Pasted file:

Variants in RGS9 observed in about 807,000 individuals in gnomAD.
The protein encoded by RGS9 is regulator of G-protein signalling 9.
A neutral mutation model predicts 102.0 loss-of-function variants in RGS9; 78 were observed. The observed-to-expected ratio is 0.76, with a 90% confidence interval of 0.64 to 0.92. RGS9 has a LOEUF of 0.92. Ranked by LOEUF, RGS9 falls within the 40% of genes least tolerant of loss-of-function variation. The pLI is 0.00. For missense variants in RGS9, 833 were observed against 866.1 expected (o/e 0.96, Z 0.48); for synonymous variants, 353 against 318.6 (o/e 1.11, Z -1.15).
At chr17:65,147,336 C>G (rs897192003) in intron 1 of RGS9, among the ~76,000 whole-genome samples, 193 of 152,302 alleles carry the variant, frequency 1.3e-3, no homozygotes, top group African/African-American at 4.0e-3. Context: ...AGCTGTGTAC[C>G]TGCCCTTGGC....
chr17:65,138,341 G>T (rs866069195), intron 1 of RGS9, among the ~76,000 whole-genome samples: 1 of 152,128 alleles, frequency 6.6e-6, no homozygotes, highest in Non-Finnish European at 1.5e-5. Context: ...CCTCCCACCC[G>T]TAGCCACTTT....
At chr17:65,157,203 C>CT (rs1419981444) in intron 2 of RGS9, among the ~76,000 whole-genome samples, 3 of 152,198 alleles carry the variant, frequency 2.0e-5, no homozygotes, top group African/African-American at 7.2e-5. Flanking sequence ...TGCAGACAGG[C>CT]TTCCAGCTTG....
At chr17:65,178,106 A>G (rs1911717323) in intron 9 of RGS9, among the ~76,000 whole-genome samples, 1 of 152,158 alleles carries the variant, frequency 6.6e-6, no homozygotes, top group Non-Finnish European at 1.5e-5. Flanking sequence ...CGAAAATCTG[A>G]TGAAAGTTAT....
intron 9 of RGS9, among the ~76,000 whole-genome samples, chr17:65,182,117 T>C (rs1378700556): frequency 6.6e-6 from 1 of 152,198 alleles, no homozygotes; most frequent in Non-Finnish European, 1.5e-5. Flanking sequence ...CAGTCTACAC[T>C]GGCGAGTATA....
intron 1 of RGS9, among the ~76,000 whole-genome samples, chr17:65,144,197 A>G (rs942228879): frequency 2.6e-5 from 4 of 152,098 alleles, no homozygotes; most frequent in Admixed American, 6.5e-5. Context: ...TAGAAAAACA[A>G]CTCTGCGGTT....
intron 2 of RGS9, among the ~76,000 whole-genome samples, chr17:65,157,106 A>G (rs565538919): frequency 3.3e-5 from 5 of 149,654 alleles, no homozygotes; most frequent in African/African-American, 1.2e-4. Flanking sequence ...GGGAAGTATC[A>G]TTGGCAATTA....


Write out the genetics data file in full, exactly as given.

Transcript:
Variants in RGS9 observed in about 807,000 individuals in gnomAD.
The protein encoded by RGS9 is regulator of G-protein signalling 9.
A neutral mutation model predicts 102.0 loss-of-function variants in RGS9; 78 were observed. The observed-to-expected ratio is 0.76, with a 90% confidence interval of 0.64 to 0.92. RGS9 has a LOEUF of 0.92. Ranked by LOEUF, RGS9 falls within the 40% of genes least tolerant of loss-of-function variation. The pLI is 0.00. For missense variants in RGS9, 833 were observed against 866.1 expected (o/e 0.96, Z 0.48); for synonymous variants, 353 against 318.6 (o/e 1.11, Z -1.15).
At chr17:65,147,336 C>G (rs897192003) in intron 1 of RGS9, among the ~76,000 whole-genome samples, 193 of 152,302 alleles carry the variant, frequency 1.3e-3, no homozygotes, top group African/African-American at 4.0e-3. Context: ...AGCTGTGTAC[C>G]TGCCCTTGGC....
chr17:65,138,341 G>T (rs866069195), intron 1 of RGS9, among the ~76,000 whole-genome samples: 1 of 152,128 alleles, frequency 6.6e-6, no homozygotes, highest in Non-Finnish European at 1.5e-5. Context: ...CCTCCCACCC[G>T]TAGCCACTTT....
At chr17:65,157,203 C>CT (rs1419981444) in intron 2 of RGS9, among the ~76,000 whole-genome samples, 3 of 152,198 alleles carry the variant, frequency 2.0e-5, no homozygotes, top group African/African-American at 7.2e-5. Flanking sequence ...TGCAGACAGG[C>CT]TTCCAGCTTG....
At chr17:65,178,106 A>G (rs1911717323) in intron 9 of RGS9, among the ~76,000 whole-genome samples, 1 of 152,158 alleles carries the variant, frequency 6.6e-6, no homozygotes, top group Non-Finnish European at 1.5e-5. Flanking sequence ...CGAAAATCTG[A>G]TGAAAGTTAT....
intron 9 of RGS9, among the ~76,000 whole-genome samples, chr17:65,182,117 T>C (rs1378700556): frequency 6.6e-6 from 1 of 152,198 alleles, no homozygotes; most frequent in Non-Finnish European, 1.5e-5. Flanking sequence ...CAGTCTACAC[T>C]GGCGAGTATA....
intron 1 of RGS9, among the ~76,000 whole-genome samples, chr17:65,144,197 A>G (rs942228879): frequency 2.6e-5 from 4 of 152,098 alleles, no homozygotes; most frequent in Admixed American, 6.5e-5. Context: ...TAGAAAAACA[A>G]CTCTGCGGTT....
intron 2 of RGS9, among the ~76,000 whole-genome samples, chr17:65,157,106 A>G (rs565538919): frequency 3.3e-5 from 5 of 149,654 alleles, no homozygotes; most frequent in African/African-American, 1.2e-4. Flanking sequence ...GGGAAGTATC[A>G]TTGGCAATTA....